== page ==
On weeding

I love to weed–there are few activities that produce such instantaneous and satisfying results. Someday I’d like to write a book, a very long one, about weeding. I’d describe the root structure of every type of weed I’ve ever encountered and then explain the best tool and the best method for removing it. And the best time of year as well–for example, now is the time to remove mustards such as cress and garlic mustard, which go to seed very quickly.

Below are just two common weeds and a description of their root structure and why it’s difficult to remove them. And don’t get me started on the many different species of grasses and their different roots.

 

Mugwort, Artemesia vulgaris, spreads by rhizomes. If you just pull it, the roots remain and the plant grows back vigorously. The plant is not nearly as pretty as this illustration makes it look!

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Chickweed, Stellaria media. No rhizomes, but fine, hairlike roots that spread widely and break when you try to pull the plant out.

Of course, there’s a new horticultural school of thought that says you should never pull weeds out–instead, you should simply cut off the top growth. If you do this repeatedly, the plant will die, but “repeatedly” is the key. It can take two years, so imagine doing it in a large garden! I have had success with this method for hostas–it took dedicated weekly removal of all foliage for two years. But I only had a few hostas leftover from the previous owner of my property. And even that was certainly easier than digging out large hostas with enormous root systems.

A book on weeding would have a chapter on the definition of a weed (not violets!), types of root structures, weeding methods, weeding tools, things not to do (black plastic, chemical herbicides), and a very long appendix listing weeds of the northeast, with photos of the plant and of the root structure. Somehow I don’t think it’s an economically viable project.

 

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4/1/16: In the garden this week

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We lost a large Norway maple in the windstorm on Monday night. It smashed one of our cars; luckily, we were out, or it would have smashed both. The only good thing about this tree is that its rotten branches sheltered a lot of birds. Scroll down to the bottom of the post to see what’s left.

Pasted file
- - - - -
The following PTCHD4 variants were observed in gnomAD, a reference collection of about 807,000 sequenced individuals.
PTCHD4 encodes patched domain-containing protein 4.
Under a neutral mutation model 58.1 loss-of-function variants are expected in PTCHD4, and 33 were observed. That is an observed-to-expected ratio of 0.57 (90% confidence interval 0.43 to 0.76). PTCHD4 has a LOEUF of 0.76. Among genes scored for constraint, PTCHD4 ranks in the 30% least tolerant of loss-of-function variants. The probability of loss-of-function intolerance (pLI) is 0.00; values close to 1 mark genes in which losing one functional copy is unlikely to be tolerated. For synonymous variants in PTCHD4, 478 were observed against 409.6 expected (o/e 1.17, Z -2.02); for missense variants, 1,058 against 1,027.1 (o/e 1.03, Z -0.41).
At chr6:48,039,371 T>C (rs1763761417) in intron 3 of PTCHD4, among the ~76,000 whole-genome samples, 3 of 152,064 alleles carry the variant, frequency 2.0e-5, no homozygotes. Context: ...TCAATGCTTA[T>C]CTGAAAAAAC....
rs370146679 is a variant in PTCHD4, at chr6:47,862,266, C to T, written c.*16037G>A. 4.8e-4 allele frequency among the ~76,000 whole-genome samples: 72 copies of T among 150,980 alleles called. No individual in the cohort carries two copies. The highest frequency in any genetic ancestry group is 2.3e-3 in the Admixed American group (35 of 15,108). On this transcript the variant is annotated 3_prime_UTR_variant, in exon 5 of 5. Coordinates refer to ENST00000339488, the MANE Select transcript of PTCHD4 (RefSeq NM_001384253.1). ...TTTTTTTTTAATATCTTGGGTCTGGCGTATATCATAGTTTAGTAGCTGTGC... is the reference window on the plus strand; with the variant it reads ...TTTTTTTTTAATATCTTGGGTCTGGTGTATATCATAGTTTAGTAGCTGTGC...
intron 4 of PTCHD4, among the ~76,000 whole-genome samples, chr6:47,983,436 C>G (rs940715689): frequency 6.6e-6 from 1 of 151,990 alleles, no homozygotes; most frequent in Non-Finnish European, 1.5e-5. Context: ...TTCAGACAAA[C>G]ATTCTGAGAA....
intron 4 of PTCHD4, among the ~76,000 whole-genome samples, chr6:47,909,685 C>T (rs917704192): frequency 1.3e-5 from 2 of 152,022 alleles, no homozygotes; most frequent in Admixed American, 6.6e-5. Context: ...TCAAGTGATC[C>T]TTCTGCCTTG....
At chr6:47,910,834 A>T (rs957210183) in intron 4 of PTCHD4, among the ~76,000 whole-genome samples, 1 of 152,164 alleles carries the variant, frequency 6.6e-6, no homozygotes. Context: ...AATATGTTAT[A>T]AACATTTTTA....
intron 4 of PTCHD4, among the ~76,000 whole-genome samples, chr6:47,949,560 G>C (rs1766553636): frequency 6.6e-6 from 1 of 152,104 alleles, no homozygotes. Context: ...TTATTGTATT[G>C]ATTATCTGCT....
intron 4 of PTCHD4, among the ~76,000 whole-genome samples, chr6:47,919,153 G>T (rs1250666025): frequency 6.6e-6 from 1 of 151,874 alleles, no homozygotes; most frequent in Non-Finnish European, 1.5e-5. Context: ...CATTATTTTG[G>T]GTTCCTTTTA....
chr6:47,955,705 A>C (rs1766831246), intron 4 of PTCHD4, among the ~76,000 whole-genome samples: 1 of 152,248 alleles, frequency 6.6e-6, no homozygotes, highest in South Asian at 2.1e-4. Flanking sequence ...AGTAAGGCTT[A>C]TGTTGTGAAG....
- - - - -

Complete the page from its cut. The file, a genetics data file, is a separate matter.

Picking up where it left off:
It’s been an eventful week, to say the least, in and out of the garden. Truly bizarre weather, very strong winds; it’s 70 degrees now, but it’s supposed to snow on Monday.

Are you absolutely itching to get out there and plant? It really is too early, but I did succumb to temptation yesterday afternoon and dig up and divide a couple of plants of very tough native grasses. Grasses respond best to being divided in early spring, and I knew we were going to have some rain, so I went for it. But I’ll hold off a while onger on the full-scale dividing and moving of perennials I do every spring.

In the meantime, here are some things you could be doing in your garden this week:

— you should have cleaned up the vegetable garden last fall, but if you didn’t, do it now! Remove dead plants and weeds, spread compost or rotted manure to prepare for spring planting.

— continue to direct sow seeds of cool-weather crops such as lettuce, mesclun mix, spinach, arugula and peas. They’ll germinate and grow when the weather is warm and stall when it turns cold. But cold weather won’t hurt them, and you’ll have spring greens as early as possible.

— start vegetable seeds for warm-weather crops such as tomatoes and squash. You can find a list of dates for starting seeds in this post.

— Weed! Dig up wild garlic and dandelions and pull garlic mustard. It’s too late to pull western bittercress, which has already gone to seed. Mustards go to seed particularly early, so it’s a good idea to pull them as soon as you recognize them. And they’re easy to pull.

— as weeds and lawn grasses begin to grow, neaten the edges of your perennial and shrub beds. It’s easier to do it now, when the weeds’ and grasses’ root systems are relatively small, than it will be once the weather turns warm.

— if you or your lawn service has sown grass seed, water several times a day until the grass is up. Otherwise you’re just scattering birdseed. And it’s much too early to fertilize the lawn. Wait until Memorial Day. Even better, don’t fertilize at all this year. I bet the grass will do just fine.

And here’s what’s left of that Norway maple–a large snag. Dead trees are excellent shelter for wildlife, so we left the trunk standing. Eventually we’ll plant a good-sized silver maple (Acer saccharinum) nearby. Silver maples are trees that were originally growing here in our sandy river-bottom soil but have been largely replaced by alien species.

Enjoy the garden this week!